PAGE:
For the fifth time this year, Lebanon has raised the price of subsidized bread as the country’s political, financial and economic crisis worsens with no resolution in sight.
The Lebanese Ministry of Economy and Trade has raised the price of subsidized bread for the fifth time in a year as the country’s multiple crises worsen with no resolution in sight.
The ministry said on Tuesday that the reason for the latest increase – 18% from the last increase in February – was the end of central bank subsidies on sugar, which in turn increases the cost of bread production.
Lebanon is grappling with the worst economic and financial crisis in its modern history – a crisis which the World Bank says should be classified as one of the worst the world has seen for the past 150 years. The Lebanese pound has lost 90% of its value since the unrest sweeping the country in 2019. Earlier this month, the pound broke a record low of 15,500 Lebanese pounds per dollar on the black market. The official exchange rate remains 1,507 pounds to the dollar.
The World Bank said in a report this month that Lebanon’s gross domestic product (GDP) is expected to contract 9.5 percent in 2021 after declining 20.3 percent in 2020 and 6.7 percent in last year.
The central bank has cut funding for imports in subsidized dollars, as foreign exchange reserves have fallen dangerously from $ 30 billion at the start of the crisis in late 2019 to nearly $ 15 billion today. This prompted traders to raise prices or stop imports.
Most Lebanese have seen their purchasing power decimated and their savings evaporated, and more than half of the population of this small country now lives below the poverty line.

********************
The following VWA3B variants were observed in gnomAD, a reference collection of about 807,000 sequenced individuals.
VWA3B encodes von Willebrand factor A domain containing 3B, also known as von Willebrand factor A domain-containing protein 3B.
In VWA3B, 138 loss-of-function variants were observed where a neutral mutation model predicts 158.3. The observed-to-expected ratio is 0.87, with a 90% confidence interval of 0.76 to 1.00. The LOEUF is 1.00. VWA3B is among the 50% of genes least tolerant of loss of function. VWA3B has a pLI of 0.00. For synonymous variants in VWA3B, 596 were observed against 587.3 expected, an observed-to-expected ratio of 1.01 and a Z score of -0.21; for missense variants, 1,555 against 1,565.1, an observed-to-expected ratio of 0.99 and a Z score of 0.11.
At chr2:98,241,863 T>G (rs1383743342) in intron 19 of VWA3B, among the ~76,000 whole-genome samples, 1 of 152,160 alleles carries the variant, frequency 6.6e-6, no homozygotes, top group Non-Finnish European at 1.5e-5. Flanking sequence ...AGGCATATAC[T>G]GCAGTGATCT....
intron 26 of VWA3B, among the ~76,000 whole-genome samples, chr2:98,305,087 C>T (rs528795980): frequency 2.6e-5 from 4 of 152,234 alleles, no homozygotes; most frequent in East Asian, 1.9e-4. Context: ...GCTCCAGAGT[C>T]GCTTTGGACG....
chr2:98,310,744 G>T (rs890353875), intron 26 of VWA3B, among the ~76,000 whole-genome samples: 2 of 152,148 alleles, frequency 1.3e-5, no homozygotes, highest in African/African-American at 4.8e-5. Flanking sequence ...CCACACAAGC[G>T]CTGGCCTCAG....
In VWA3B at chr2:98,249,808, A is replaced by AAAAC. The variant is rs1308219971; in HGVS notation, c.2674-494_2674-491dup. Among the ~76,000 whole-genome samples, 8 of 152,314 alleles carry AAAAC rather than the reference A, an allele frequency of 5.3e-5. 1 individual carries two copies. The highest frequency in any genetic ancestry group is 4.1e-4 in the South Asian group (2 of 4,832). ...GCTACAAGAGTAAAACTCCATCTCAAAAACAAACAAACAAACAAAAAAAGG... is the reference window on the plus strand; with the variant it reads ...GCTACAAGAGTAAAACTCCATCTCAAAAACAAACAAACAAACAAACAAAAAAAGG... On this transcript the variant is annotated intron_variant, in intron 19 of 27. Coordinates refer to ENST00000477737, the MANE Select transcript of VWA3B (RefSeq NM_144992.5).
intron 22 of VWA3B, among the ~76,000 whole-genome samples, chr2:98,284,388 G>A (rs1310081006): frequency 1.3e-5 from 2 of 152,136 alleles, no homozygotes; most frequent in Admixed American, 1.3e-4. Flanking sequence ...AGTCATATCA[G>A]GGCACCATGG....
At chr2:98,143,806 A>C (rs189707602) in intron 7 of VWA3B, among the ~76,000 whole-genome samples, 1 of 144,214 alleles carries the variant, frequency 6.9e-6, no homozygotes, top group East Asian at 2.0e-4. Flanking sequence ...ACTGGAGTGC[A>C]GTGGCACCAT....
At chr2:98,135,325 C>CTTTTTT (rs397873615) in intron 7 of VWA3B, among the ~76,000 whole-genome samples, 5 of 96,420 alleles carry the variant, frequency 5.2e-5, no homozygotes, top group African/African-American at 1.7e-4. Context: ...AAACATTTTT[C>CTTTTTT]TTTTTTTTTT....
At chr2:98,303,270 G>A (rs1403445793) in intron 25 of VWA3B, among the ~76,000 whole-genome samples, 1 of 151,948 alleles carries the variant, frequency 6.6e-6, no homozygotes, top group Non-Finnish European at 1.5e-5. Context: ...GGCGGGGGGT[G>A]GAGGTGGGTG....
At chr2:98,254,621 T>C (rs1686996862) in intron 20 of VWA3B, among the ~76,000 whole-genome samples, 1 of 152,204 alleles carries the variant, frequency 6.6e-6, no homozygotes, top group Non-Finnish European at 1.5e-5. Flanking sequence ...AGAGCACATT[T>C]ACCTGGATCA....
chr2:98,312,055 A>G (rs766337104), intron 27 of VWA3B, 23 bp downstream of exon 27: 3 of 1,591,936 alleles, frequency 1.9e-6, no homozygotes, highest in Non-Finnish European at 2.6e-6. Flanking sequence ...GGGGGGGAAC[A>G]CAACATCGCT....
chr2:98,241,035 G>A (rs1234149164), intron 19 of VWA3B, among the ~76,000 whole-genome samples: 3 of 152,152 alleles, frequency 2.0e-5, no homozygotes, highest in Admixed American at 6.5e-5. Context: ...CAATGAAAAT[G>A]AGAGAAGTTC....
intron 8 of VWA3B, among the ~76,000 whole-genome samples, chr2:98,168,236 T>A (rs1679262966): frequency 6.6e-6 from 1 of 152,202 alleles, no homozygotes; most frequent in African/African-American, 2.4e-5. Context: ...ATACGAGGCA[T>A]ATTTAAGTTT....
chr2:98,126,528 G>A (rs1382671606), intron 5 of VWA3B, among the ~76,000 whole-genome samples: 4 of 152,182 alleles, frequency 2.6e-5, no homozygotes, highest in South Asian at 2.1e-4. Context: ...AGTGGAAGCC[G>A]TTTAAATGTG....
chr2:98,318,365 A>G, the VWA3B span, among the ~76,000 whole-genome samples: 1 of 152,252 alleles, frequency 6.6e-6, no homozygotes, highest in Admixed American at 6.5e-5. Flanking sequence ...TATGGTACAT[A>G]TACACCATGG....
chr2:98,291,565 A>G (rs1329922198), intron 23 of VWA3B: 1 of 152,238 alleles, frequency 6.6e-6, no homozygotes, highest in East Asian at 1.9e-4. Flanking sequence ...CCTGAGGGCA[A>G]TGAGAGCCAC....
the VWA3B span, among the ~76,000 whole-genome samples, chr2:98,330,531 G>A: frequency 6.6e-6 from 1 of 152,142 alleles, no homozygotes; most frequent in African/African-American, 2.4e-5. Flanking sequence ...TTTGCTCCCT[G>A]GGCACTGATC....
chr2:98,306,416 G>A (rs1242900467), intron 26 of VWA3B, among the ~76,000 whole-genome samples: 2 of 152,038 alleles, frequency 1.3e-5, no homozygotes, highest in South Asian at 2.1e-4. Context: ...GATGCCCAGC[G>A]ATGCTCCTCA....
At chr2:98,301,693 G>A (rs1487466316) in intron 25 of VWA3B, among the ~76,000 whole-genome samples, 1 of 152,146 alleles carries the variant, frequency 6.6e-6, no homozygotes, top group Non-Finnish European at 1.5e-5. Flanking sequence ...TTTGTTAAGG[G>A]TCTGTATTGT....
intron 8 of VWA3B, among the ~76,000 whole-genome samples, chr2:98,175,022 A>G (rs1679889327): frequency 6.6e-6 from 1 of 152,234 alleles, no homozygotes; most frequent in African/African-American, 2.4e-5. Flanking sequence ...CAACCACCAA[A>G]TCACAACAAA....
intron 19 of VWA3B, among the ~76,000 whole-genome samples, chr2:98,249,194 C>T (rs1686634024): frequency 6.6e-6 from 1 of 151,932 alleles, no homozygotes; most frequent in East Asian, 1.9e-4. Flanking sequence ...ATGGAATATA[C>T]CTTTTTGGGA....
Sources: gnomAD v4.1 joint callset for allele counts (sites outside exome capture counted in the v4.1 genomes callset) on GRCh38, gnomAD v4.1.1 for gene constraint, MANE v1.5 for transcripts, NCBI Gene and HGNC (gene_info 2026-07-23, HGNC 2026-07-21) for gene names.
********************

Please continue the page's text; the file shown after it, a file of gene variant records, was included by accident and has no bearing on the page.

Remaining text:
In June of last year, the government increased the price of flatbread, a staple in Lebanon, by more than 30%, for the first time in 10 years. It has since raised the price three times before Tuesday.
The Ministry of the Economy indicates that 910 g (2 pounds) of bread will be sold for 3,250 pounds (more than $ 2 at the official price). It was sold for 2,750 pounds before the last increase.
Lebanon is experiencing severe shortages of gasoline, medicine – both still subsidized by the state – and other vital commodities. Power cuts last much of the day, and people queue for hours to refuel their cars. Shootings and fights broke out at gas stations, leaving several injured.
One of the reasons for the fuel shortage is smuggling to neighboring Syria, which has its own fuel shortage but is priced almost five times that of Lebanon.
A representative of the fuel distributors, Fadi Abu Shakra, said 140 gas station owners refused to receive gasoline on Tuesday due to the problems they face, including threats, blackmail and beatings.
“They cannot protect themselves,” he said, calling on the security forces to protect gas stations, according to the national news agency.